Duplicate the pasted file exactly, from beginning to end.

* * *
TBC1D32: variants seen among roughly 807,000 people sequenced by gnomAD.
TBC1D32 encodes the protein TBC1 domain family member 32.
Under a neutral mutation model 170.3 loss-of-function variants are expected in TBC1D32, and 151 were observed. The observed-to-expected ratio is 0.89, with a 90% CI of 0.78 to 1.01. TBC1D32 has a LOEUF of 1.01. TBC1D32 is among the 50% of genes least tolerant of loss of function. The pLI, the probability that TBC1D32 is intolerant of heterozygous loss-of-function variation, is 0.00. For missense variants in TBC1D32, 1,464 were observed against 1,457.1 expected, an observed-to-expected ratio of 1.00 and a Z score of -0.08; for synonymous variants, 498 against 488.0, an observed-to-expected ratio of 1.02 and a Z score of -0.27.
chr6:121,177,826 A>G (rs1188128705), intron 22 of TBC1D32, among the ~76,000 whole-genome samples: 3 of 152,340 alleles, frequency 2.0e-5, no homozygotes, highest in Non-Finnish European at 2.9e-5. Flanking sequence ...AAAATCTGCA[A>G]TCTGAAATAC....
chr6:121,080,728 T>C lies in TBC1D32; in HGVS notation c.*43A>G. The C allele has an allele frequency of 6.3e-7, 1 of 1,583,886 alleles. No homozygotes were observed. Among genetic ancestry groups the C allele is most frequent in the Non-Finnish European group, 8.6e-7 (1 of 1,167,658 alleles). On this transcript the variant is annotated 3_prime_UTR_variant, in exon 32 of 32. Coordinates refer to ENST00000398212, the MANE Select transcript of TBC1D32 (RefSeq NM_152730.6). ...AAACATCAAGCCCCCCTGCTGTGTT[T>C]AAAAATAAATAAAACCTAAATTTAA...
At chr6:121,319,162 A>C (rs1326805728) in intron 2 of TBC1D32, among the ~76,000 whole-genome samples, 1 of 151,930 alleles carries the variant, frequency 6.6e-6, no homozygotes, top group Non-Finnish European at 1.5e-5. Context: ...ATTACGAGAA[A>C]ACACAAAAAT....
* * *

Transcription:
TBC1D32: variants seen among roughly 807,000 people sequenced by gnomAD.
TBC1D32 encodes the protein TBC1 domain family member 32.
Under a neutral mutation model 170.3 loss-of-function variants are expected in TBC1D32, and 151 were observed. The observed-to-expected ratio is 0.89, with a 90% CI of 0.78 to 1.01. TBC1D32 has a LOEUF of 1.01. TBC1D32 is among the 50% of genes least tolerant of loss of function. The pLI, the probability that TBC1D32 is intolerant of heterozygous loss-of-function variation, is 0.00. For missense variants in TBC1D32, 1,464 were observed against 1,457.1 expected, an observed-to-expected ratio of 1.00 and a Z score of -0.08; for synonymous variants, 498 against 488.0, an observed-to-expected ratio of 1.02 and a Z score of -0.27.
chr6:121,177,826 A>G (rs1188128705), intron 22 of TBC1D32, among the ~76,000 whole-genome samples: 3 of 152,340 alleles, frequency 2.0e-5, no homozygotes, highest in Non-Finnish European at 2.9e-5. Flanking sequence ...AAAATCTGCA[A>G]TCTGAAATAC....
chr6:121,080,728 T>C lies in TBC1D32; in HGVS notation c.*43A>G. The C allele has an allele frequency of 6.3e-7, 1 of 1,583,886 alleles. No homozygotes were observed. Among genetic ancestry groups the C allele is most frequent in the Non-Finnish European group, 8.6e-7 (1 of 1,167,658 alleles). On this transcript the variant is annotated 3_prime_UTR_variant, in exon 32 of 32. Coordinates refer to ENST00000398212, the MANE Select transcript of TBC1D32 (RefSeq NM_152730.6). ...AAACATCAAGCCCCCCTGCTGTGTT[T>C]AAAAATAAATAAAACCTAAATTTAA...
At chr6:121,319,162 A>C (rs1326805728) in intron 2 of TBC1D32, among the ~76,000 whole-genome samples, 1 of 151,930 alleles carries the variant, frequency 6.6e-6, no homozygotes, top group Non-Finnish European at 1.5e-5. Context: ...ATTACGAGAA[A>C]ACACAAAAAT....